On Thursday, July 19, 2012, the United States Department of Labor announced that two railroads – Illinois Central Railroad and Chicago Fort Wayne & Eastern Railroad – in violation of the Federal Railroad Safety Act (“FRSA”) by terminating workers who reported workplace safety violations to the
Occupational Safety & Health Administration (“OSHA”). The FRSA
protects railroad employee whistleblowers from such retaliation by railroads. Retaliation may include everything from termination to denying benefits and vacation, intimidating the employee, demoting the employee, reducing pay or hours, and so forth. For a complete list of violations under the FRSA, click here. The railroads in these incidents have been ordered to pay back over $650,000 in back wages and damages to three employees.
The FRSA protects railroad employees as whistleblowers who report workplace safety violations. A whistleblower has 180 days from the date of the alleged violation/incident to file a claim with OSHA against the railroad. If, after completing its investigation, OSHA determines that there was a violation, the following types of relief may be awarded: (1) reinstatement to one’s position with same benefits and seniority at the time of termination, (2) back pay with interest, (3) compensatory damages, including expert witness and attorney’s fees, and (4) punitive damages with a maximum of $250,000.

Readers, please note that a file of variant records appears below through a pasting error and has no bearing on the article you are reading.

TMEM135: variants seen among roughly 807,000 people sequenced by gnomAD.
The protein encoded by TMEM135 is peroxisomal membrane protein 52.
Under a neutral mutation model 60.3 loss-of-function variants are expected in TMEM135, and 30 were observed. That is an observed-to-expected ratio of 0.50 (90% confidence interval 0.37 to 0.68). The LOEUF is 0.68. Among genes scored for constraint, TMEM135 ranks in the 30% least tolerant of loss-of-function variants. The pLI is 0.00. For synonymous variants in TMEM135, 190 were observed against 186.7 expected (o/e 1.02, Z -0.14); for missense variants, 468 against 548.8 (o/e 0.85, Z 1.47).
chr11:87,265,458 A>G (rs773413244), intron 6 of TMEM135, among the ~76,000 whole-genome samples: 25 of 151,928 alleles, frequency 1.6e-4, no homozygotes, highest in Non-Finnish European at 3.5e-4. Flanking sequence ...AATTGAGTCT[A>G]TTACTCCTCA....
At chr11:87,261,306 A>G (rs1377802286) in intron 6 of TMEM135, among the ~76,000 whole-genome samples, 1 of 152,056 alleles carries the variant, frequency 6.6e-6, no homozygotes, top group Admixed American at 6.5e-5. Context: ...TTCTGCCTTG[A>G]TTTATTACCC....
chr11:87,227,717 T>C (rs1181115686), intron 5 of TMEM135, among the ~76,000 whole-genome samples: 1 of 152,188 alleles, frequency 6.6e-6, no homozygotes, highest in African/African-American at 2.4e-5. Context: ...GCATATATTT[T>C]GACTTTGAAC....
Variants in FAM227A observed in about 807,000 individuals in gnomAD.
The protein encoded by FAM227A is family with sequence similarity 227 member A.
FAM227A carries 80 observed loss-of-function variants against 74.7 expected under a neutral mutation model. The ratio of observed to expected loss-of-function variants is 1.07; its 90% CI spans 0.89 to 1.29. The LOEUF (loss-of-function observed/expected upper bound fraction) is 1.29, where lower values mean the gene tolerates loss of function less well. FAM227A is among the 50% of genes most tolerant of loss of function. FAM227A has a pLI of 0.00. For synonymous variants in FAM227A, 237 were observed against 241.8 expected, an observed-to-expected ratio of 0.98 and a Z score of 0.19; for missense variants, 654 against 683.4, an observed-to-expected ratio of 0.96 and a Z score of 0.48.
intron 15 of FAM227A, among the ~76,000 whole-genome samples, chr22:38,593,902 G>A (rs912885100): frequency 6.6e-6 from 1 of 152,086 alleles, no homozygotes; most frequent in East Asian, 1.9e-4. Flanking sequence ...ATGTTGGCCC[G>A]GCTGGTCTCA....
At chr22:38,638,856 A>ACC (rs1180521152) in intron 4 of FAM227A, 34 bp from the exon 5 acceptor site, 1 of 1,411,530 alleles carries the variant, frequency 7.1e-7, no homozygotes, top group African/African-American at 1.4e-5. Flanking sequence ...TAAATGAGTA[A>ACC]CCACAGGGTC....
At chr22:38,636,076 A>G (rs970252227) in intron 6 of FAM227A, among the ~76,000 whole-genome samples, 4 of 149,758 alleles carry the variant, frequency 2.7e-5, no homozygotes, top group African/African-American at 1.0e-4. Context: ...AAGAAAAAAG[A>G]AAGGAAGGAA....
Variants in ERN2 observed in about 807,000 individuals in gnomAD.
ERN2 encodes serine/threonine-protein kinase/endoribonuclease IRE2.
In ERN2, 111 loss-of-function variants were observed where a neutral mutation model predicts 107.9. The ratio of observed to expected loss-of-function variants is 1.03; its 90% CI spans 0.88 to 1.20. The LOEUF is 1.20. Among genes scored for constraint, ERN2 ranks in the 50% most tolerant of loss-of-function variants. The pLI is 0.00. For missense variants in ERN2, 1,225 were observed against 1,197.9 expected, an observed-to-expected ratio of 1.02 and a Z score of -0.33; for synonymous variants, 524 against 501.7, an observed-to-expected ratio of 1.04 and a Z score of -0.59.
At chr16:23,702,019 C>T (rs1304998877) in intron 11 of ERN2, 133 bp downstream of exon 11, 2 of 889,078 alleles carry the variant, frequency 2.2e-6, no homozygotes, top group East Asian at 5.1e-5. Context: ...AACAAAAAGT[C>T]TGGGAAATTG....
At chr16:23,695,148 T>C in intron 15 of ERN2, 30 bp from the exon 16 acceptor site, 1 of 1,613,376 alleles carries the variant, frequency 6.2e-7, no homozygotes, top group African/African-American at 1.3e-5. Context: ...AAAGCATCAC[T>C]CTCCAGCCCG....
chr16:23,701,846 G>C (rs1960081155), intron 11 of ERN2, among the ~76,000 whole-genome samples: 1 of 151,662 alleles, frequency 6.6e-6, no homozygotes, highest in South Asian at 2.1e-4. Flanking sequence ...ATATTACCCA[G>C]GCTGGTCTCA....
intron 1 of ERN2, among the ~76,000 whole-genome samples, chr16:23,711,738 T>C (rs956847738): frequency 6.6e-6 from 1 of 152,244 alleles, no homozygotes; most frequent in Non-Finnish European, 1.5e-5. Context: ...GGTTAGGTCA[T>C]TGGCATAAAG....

OSHA protects workers by holding employers responsible for ensuring and maintaining safe workplaces and that employees are informed of the potential hazards and protections available on the job. From 2007 to the present, OSHA has received over 900 complaints from whistleblowers under the FRSA, 63% of which involved a claim that a railroad employee had reported an on-the-job, injury.
For more information, see Doran & Murphy’s discussion of railroad worker injuries. If you are a railroad employee or a loved of a railroad employee who has been injured on the job,
contact us for more information about your legal rights and the investigative process.